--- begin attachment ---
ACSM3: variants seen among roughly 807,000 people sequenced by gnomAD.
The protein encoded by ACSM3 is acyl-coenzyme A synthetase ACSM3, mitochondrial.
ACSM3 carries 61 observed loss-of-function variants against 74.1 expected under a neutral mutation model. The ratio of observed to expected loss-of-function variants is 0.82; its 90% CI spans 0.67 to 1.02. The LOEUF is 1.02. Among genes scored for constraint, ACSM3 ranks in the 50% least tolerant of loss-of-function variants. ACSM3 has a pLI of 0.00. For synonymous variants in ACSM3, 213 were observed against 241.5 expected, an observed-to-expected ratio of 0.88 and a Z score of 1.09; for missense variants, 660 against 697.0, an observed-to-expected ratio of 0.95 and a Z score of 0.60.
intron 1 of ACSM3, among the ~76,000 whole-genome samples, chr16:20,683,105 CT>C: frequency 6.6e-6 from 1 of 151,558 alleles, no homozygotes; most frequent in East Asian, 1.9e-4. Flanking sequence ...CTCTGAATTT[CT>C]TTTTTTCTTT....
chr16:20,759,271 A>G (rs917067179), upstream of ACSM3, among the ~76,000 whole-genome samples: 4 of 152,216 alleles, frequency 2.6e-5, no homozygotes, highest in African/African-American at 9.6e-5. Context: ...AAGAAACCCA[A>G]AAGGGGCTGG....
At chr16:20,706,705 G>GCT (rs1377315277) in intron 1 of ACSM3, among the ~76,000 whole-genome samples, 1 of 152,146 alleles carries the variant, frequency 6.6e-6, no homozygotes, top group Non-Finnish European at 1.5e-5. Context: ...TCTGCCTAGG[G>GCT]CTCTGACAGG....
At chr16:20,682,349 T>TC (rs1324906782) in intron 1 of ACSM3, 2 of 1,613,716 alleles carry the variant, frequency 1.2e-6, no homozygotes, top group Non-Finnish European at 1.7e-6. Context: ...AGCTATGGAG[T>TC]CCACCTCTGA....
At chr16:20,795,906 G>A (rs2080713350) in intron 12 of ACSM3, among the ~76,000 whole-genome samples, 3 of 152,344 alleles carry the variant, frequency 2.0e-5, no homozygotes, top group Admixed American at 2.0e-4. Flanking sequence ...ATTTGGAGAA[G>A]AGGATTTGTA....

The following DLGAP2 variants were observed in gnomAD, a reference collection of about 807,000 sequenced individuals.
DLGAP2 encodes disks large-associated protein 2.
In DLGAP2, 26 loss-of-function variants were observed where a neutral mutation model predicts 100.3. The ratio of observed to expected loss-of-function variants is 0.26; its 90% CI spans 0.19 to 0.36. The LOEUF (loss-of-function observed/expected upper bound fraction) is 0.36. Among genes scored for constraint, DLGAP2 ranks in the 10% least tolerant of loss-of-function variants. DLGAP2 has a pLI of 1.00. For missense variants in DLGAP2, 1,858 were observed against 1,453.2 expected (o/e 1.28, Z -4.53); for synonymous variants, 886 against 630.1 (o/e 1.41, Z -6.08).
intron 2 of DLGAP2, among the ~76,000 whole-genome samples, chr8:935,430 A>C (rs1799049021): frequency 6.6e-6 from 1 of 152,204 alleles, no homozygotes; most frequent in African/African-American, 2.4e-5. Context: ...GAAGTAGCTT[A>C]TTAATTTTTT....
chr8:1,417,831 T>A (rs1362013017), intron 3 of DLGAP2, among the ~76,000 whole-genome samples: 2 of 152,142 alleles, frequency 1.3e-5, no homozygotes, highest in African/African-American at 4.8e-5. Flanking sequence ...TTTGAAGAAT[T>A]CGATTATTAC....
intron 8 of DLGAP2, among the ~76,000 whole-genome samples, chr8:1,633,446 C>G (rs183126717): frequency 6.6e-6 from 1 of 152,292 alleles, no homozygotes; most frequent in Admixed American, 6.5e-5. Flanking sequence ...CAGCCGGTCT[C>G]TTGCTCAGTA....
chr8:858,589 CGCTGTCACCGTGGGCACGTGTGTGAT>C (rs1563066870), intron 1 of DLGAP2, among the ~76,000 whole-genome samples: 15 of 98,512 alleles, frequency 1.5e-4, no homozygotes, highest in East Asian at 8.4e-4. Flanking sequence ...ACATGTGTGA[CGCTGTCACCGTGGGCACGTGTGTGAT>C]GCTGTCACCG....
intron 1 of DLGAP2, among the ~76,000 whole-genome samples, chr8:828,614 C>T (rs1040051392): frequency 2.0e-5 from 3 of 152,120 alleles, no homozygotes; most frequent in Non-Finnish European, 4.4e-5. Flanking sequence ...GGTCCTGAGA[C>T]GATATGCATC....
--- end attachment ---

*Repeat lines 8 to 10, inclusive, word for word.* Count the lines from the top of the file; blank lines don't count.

At chr16:20,795,906 G>A (rs2080713350) in intron 12 of ACSM3, among the ~76,000 whole-genome samples, 3 of 152,344 alleles carry the variant, frequency 2.0e-5, no homozygotes, top group Admixed American at 2.0e-4. Flanking sequence ...ATTTGGAGAA[G>A]AGGATTTGTA....

The following DLGAP2 variants were observed in gnomAD, a reference collection of about 807,000 sequenced individuals.
DLGAP2 encodes disks large-associated protein 2.